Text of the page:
Nature

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A Florida man was killed on Friday by what ornithologists say is the “world’s most dangerous bird“. It was a cassowary – an enormous, flightless bird around which even experienced zookeepers take precautions. He raised the animal on his farm, along with other exotic birds, authorities said. Police identified the man as 75-year-old Marvin Hajos.
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Researchers last week captured and killed the largest Burmese python to be removed from Big Cypress National Preserve in the Florida Everglades, according to wildlife officials. The 17-foot (5.1-meter), 140-pound (63.5-kilogram) female snake – an invasive species devastating to native wildlife – was discovered using a new tracking approach that leans on technology and the
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Sure, you might think your average acorn-chomping grey squirrel is sort of cute. But seriously, it’s never going to be giant rainbow squirrel from India level of cute.  It’s not just our opinion either. When amateur photographer Kaushik Vijayan posted some pics of Malabar giant squirrels (Ratufa indica) on Instagram, they quickly wowed the internet.  Vijayan took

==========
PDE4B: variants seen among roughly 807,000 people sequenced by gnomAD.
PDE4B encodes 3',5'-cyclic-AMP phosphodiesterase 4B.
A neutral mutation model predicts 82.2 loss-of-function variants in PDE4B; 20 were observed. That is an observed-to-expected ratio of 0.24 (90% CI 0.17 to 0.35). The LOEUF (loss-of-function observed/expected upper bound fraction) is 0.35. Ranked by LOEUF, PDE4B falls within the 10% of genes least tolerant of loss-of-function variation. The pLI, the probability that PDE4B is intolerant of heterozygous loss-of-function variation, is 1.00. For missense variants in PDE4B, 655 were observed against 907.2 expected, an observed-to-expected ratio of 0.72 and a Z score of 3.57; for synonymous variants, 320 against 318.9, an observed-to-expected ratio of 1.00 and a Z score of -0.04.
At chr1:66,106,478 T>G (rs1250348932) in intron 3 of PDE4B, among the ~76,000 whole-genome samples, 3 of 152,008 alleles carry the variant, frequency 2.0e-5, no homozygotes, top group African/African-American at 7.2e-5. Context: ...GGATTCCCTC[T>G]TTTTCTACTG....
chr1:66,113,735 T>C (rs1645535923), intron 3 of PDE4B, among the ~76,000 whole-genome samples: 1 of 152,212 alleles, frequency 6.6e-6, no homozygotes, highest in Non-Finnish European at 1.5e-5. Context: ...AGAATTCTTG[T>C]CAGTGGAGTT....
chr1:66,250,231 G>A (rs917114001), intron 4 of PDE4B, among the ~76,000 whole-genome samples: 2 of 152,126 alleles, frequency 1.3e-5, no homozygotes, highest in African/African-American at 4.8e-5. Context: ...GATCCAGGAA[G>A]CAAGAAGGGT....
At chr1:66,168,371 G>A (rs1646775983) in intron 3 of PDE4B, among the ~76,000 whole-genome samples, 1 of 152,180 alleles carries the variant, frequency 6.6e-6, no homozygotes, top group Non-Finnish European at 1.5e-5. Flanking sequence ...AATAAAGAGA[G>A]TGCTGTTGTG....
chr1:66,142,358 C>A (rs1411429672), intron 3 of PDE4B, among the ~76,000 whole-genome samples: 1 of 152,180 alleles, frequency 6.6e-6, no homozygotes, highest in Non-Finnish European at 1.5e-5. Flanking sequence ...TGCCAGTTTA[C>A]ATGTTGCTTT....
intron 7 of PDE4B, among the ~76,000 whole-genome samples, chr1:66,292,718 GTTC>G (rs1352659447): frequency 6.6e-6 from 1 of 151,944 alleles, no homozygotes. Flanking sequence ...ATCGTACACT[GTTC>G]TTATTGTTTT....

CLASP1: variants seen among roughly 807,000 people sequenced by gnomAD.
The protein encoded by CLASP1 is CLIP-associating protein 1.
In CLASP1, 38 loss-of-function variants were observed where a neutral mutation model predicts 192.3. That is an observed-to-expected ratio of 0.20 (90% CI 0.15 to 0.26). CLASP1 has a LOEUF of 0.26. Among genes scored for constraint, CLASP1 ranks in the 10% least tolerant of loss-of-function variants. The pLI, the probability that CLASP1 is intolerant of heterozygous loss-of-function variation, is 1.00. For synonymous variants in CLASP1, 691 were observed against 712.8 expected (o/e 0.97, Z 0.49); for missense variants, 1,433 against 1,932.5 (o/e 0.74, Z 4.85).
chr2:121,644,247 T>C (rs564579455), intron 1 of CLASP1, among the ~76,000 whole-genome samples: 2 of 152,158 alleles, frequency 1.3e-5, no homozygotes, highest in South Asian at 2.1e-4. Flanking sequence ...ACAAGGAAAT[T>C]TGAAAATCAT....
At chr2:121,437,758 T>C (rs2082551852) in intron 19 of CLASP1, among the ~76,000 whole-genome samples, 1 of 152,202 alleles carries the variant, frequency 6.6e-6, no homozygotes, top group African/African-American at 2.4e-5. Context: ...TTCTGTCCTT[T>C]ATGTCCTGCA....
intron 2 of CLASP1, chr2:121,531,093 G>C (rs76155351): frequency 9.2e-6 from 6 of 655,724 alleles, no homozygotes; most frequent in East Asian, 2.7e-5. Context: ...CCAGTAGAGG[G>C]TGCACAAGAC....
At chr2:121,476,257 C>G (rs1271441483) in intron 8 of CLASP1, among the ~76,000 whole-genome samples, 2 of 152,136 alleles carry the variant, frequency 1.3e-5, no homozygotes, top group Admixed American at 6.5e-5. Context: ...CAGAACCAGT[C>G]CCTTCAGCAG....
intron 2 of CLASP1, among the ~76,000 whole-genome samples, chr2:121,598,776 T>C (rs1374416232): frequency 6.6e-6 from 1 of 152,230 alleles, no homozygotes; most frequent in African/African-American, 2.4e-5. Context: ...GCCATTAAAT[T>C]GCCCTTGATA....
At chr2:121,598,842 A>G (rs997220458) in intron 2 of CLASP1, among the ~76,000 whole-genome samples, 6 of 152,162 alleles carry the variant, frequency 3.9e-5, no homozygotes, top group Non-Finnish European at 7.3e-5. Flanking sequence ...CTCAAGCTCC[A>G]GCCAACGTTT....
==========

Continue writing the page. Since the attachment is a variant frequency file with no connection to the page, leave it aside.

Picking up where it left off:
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Forget mutant turtles. Kangaroo rats are the true ninjas of the animal kingdom. A series of four high-speed videos has recently captured these little fighters flipping and kicking in mid-air as they artfully dance around their arch nemesis, the hungry sidewinder rattlesnake (Crotalus cerastes). It’s a battle between two extreme athletes, and the result is a lightning
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Artificial cells created inside the lab have taken another major step forward, with scientists developing cells that are able to produce their own chemical energy and synthesise parts of their own construction. That makes these artificial cells a lot more like real, biological cells – cells that can construct and organise their own building blocks naturally.
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Researchers have discovered that sun bears can precisely copy each other’s facial expressions in social situations. It’s a bigger deal than you might think, especially for scientists. When humans are in social situations, we often adjust our facial expressions in response to someone else. It’s called facial mimicry, and past a point of sufficient complexity